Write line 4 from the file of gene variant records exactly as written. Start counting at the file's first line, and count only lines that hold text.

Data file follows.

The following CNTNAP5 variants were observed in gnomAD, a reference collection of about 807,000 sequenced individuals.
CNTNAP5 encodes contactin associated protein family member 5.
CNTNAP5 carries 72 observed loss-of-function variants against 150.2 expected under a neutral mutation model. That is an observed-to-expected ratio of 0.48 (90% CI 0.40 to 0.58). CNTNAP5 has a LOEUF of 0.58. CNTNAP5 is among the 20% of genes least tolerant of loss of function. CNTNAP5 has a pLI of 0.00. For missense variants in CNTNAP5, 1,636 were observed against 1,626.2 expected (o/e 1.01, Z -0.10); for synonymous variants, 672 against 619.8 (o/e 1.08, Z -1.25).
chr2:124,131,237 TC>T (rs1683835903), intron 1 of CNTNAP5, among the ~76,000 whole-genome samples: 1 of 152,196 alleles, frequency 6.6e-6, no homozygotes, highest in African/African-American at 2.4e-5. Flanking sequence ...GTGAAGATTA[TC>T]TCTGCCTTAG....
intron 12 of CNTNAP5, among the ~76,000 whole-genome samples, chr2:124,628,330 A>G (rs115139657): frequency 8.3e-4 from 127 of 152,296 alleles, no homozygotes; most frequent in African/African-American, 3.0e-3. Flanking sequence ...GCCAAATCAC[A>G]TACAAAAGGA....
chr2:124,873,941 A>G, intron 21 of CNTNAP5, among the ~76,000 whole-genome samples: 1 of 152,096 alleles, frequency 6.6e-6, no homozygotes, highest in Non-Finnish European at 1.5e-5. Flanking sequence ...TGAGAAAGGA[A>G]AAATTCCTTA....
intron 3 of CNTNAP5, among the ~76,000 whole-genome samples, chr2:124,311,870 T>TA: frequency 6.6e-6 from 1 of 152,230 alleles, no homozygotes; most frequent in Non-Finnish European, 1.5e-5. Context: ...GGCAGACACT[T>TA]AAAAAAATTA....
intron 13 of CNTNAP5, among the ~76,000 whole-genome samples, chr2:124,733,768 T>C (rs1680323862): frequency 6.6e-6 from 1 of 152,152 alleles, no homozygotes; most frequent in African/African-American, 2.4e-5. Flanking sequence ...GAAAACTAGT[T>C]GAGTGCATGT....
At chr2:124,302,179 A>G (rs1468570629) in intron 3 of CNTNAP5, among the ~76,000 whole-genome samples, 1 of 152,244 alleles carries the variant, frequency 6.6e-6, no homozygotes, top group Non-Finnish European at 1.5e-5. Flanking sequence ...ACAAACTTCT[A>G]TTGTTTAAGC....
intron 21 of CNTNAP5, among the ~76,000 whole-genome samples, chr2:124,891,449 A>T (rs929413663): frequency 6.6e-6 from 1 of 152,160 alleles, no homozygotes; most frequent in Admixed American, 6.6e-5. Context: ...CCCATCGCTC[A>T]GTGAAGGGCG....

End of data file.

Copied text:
chr2:124,131,237 TC>T (rs1683835903), intron 1 of CNTNAP5, among the ~76,000 whole-genome samples: 1 of 152,196 alleles, frequency 6.6e-6, no homozygotes, highest in African/African-American at 2.4e-5. Flanking sequence ...GTGAAGATTA[TC>T]TCTGCCTTAG....